The old challenges of abating point-source pollution now seem simple compared to how we must address the global impact of humans on the chemistry, climate and biodiversity of our planet.

Strip away the sapiens and the rising numbers of humans show singular Darwinian motivation to pursue resources to make life comfortable. For the past couple of centuries, we have capitalized on the use of fossil fuels to supplant human labor, heat and light our dwellings, grow our food, and move us about in pursuit of the good life.

Population growth rates decline with increasing per capita energy use, but the rate of decline is too slow to circumvent greater overall energy use by the human population. The correlation between the growth of carbon dioxide in Earth’s atmosphere and our rising population shows an astounding r = 0.9986. And one recent study reports a new trend of increasing fertility in families at the highest levels of economic wellbeing.

Sixty-five percent of the rise in CO2 concentration in the atmosphere is attributed to increasing global economic activity. Increasingly, we seem willing to sacrifice areas that are dear to us, such as barrier islands on the mid-Atlantic, in the pursuit of the last drop of petroleum that we can extract from the Earth’s crust.

Bigger is better, when it comes to pick-up trucks, suburban houses, and McDonald’s hamburgers. Apparently, these are the measures of our evolutionary fitness in the modern world.

In the face of rising human population, most of our food production is dependent upon external subsidies of fossil fuels, especially petroleum, for which there is no obvious alternative at a reasonable price to feed us all. Without exogenous nitrogen fertilizer made with fossil fuels, it is doubtful that the present global human population could feed itself adequately.

Meanwhile, freshwaters, especially groundwater, are widely depleted and contaminated with nitrogen from fertilizer runoff. There is nothing sustainable about feeding a population with exponential growth in a finite environment.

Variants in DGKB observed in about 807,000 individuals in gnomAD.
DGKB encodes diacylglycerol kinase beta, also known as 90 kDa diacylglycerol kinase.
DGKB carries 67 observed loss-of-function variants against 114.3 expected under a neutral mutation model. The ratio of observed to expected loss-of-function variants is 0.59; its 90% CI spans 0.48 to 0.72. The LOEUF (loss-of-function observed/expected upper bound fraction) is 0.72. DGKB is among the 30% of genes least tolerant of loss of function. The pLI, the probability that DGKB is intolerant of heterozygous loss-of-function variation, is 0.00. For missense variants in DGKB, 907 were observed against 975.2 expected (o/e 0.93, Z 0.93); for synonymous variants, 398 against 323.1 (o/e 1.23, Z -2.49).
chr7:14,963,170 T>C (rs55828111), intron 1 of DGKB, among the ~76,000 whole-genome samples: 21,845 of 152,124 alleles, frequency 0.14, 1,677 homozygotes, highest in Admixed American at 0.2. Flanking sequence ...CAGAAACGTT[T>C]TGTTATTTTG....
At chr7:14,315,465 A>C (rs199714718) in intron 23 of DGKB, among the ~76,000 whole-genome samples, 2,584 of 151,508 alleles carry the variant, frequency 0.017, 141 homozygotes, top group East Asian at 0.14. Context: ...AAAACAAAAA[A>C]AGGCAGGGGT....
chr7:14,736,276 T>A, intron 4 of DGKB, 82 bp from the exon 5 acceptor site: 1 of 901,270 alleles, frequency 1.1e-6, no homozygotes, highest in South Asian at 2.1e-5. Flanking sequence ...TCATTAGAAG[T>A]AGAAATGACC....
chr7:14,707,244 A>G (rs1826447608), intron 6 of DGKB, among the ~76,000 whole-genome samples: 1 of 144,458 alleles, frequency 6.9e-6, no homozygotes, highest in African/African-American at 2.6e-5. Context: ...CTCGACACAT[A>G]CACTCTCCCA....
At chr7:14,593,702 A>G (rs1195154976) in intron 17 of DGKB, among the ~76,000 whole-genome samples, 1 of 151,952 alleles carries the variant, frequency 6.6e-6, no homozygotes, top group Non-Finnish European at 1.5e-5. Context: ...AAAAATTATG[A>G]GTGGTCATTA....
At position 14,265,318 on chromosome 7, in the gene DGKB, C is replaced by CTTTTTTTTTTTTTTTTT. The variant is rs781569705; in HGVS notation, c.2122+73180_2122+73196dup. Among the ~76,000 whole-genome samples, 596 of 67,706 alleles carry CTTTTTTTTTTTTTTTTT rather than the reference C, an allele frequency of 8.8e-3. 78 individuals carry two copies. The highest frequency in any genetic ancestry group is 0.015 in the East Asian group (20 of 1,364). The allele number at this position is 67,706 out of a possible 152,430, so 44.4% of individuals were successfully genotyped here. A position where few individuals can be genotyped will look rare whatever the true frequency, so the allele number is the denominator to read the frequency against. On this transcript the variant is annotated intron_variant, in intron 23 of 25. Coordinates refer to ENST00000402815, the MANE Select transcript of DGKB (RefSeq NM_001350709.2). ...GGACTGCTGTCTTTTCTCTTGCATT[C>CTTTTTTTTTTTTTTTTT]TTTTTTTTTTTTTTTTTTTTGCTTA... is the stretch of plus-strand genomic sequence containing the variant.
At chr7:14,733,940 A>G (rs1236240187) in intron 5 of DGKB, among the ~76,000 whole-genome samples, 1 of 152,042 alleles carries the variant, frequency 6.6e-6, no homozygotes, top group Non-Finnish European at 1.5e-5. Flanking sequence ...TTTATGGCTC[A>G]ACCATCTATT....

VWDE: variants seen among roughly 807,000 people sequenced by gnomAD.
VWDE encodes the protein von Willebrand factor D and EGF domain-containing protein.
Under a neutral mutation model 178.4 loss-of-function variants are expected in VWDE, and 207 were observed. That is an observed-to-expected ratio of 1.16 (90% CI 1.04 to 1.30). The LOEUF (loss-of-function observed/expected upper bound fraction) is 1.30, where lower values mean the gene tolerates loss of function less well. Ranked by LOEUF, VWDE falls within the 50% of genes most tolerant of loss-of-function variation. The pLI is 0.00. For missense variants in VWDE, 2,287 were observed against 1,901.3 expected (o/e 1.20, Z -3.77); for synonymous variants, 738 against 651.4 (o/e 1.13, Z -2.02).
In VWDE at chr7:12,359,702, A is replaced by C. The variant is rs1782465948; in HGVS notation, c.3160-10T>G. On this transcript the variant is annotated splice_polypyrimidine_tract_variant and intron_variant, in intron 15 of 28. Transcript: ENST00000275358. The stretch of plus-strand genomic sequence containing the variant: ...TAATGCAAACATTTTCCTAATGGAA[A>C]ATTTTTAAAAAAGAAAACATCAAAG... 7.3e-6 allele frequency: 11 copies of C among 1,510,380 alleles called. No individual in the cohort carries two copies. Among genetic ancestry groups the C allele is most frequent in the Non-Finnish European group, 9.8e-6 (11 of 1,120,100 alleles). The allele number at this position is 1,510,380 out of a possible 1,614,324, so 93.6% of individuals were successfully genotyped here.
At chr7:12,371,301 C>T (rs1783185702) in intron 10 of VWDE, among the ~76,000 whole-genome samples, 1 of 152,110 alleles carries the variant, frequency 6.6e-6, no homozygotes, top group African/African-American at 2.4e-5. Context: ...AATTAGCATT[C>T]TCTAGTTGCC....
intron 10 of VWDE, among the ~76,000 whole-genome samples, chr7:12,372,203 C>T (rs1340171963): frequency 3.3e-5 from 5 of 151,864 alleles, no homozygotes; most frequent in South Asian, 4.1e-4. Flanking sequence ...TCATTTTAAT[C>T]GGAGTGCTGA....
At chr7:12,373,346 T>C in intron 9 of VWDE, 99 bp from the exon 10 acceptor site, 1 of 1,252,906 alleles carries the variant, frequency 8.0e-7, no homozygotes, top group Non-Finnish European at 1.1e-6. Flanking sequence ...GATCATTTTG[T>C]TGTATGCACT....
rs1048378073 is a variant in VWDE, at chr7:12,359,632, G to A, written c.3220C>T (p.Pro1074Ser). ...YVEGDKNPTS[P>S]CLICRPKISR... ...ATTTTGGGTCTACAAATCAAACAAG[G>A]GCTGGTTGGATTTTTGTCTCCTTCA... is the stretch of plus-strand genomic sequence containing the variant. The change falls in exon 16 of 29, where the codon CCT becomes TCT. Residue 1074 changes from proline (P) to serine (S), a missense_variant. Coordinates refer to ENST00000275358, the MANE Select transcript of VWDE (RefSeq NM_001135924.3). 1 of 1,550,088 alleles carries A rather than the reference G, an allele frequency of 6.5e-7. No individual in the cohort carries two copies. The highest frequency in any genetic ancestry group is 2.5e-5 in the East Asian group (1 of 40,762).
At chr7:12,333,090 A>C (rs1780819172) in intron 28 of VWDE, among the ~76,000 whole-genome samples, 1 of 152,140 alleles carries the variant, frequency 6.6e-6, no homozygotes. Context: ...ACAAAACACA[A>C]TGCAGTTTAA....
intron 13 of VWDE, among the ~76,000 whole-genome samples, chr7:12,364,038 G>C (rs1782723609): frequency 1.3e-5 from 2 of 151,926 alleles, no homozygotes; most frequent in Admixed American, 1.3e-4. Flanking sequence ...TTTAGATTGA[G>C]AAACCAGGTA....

Humans already are pushing the biophysical limits of the Earth, changing its climate, ocean circulation, stratospheric chemistry, and net primary productivity—all of which sustain life on our only planetary home.

In the geologic record, we see major extinction events that have accompanied similar changes in these planetary properties in the past. The predicted changes in climate alone are destined to impact the food supply for our increasing population. Given recent events, it seems doubtful that we will withstand lower per capita resource availability on a crowded planet without famine, war and epidemics.

I suspect that the human species will survive, but at what quality of life?

Even so, economists applaud rising human population and tell us that economic growth of about 4 percent per year is best for human well-being. The Wall Street Journal’s front page carries a story “Population’s Flagging Growth Undermines Global Economy.” Don’t worry, we are told, we will grow the size of the resource pie. Demand in the face of shortage yields rising prices which bring new supplies to market.

Economists say that if critical resources fall short, we will simply substitute other goods. The threat of lost jobs and lower profits trumps nearly all efforts to protect the environment from excessive exploitation. But mention family-planning policies to political leaders, and they scamper to escape the room.

So, the biggest challenge facing those concerned about the environment, and thus the challenge before students at the Nicholas School, will be to change the thought process of the public to the notion that a steady-state economy is the best alternative for the future.

The job will not be easy. Sustainability will not be achieved with rising human population and increasing resource use. The challenge asks for a change in human nature, so that we can live up to the species epithet of sapiens and behave, not like the squirrels at my birdfeeder, but in a manner that is truly best for the biosphere with all its inhabitants.


William L. Schlesinger is James B. Duke Professor Emeritus of Biogeochemistry and former dean of the Nicholas School.